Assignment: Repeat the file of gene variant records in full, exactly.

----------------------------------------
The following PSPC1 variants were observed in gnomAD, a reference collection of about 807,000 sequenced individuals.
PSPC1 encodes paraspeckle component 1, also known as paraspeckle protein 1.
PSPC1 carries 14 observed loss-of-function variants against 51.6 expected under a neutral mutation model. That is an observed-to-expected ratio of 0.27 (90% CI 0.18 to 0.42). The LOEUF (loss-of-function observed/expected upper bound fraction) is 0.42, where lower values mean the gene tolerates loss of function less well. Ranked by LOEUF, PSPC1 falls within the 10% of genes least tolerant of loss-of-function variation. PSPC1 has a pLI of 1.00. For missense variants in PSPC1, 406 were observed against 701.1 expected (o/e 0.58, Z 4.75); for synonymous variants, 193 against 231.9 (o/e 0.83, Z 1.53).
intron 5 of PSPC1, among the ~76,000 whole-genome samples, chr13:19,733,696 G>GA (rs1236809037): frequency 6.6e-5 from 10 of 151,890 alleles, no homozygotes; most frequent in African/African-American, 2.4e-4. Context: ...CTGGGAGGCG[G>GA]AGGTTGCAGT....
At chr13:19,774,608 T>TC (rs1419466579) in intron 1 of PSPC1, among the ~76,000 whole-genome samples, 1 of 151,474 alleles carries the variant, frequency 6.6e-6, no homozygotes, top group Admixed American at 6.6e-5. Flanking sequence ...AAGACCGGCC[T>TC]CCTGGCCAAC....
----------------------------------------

The following PSPC1 variants were observed in gnomAD, a reference collection of about 807,000 sequenced individuals.
PSPC1 encodes paraspeckle component 1, also known as paraspeckle protein 1.
PSPC1 carries 14 observed loss-of-function variants against 51.6 expected under a neutral mutation model. That is an observed-to-expected ratio of 0.27 (90% CI 0.18 to 0.42). The LOEUF (loss-of-function observed/expected upper bound fraction) is 0.42, where lower values mean the gene tolerates loss of function less well. Ranked by LOEUF, PSPC1 falls within the 10% of genes least tolerant of loss-of-function variation. PSPC1 has a pLI of 1.00. For missense variants in PSPC1, 406 were observed against 701.1 expected (o/e 0.58, Z 4.75); for synonymous variants, 193 against 231.9 (o/e 0.83, Z 1.53).
intron 5 of PSPC1, among the ~76,000 whole-genome samples, chr13:19,733,696 G>GA (rs1236809037): frequency 6.6e-5 from 10 of 151,890 alleles, no homozygotes; most frequent in African/African-American, 2.4e-4. Context: ...CTGGGAGGCG[G>GA]AGGTTGCAGT....
At chr13:19,774,608 T>TC (rs1419466579) in intron 1 of PSPC1, among the ~76,000 whole-genome samples, 1 of 151,474 alleles carries the variant, frequency 6.6e-6, no homozygotes, top group Admixed American at 6.6e-5. Flanking sequence ...AAGACCGGCC[T>TC]CCTGGCCAAC....